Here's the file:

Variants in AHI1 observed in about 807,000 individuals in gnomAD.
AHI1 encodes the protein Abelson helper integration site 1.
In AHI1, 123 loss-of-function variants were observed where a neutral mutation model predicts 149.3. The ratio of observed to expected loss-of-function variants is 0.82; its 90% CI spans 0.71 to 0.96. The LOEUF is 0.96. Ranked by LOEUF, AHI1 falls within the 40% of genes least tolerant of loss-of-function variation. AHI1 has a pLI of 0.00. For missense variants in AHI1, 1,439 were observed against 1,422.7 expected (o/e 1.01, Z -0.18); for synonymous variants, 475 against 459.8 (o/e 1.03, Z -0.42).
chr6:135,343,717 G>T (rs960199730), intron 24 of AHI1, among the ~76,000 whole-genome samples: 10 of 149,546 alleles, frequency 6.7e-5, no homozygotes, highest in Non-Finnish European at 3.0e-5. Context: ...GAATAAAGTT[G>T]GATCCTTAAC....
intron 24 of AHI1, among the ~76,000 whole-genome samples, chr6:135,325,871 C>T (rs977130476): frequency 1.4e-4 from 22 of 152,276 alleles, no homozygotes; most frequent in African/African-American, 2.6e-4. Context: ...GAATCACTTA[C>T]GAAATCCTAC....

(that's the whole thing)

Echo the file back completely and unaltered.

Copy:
Variants in AHI1 observed in about 807,000 individuals in gnomAD.
AHI1 encodes the protein Abelson helper integration site 1.
In AHI1, 123 loss-of-function variants were observed where a neutral mutation model predicts 149.3. The ratio of observed to expected loss-of-function variants is 0.82; its 90% CI spans 0.71 to 0.96. The LOEUF is 0.96. Ranked by LOEUF, AHI1 falls within the 40% of genes least tolerant of loss-of-function variation. AHI1 has a pLI of 0.00. For missense variants in AHI1, 1,439 were observed against 1,422.7 expected (o/e 1.01, Z -0.18); for synonymous variants, 475 against 459.8 (o/e 1.03, Z -0.42).
chr6:135,343,717 G>T (rs960199730), intron 24 of AHI1, among the ~76,000 whole-genome samples: 10 of 149,546 alleles, frequency 6.7e-5, no homozygotes, highest in Non-Finnish European at 3.0e-5. Context: ...GAATAAAGTT[G>T]GATCCTTAAC....
intron 24 of AHI1, among the ~76,000 whole-genome samples, chr6:135,325,871 C>T (rs977130476): frequency 1.4e-4 from 22 of 152,276 alleles, no homozygotes; most frequent in African/African-American, 2.6e-4. Context: ...GAATCACTTA[C>T]GAAATCCTAC....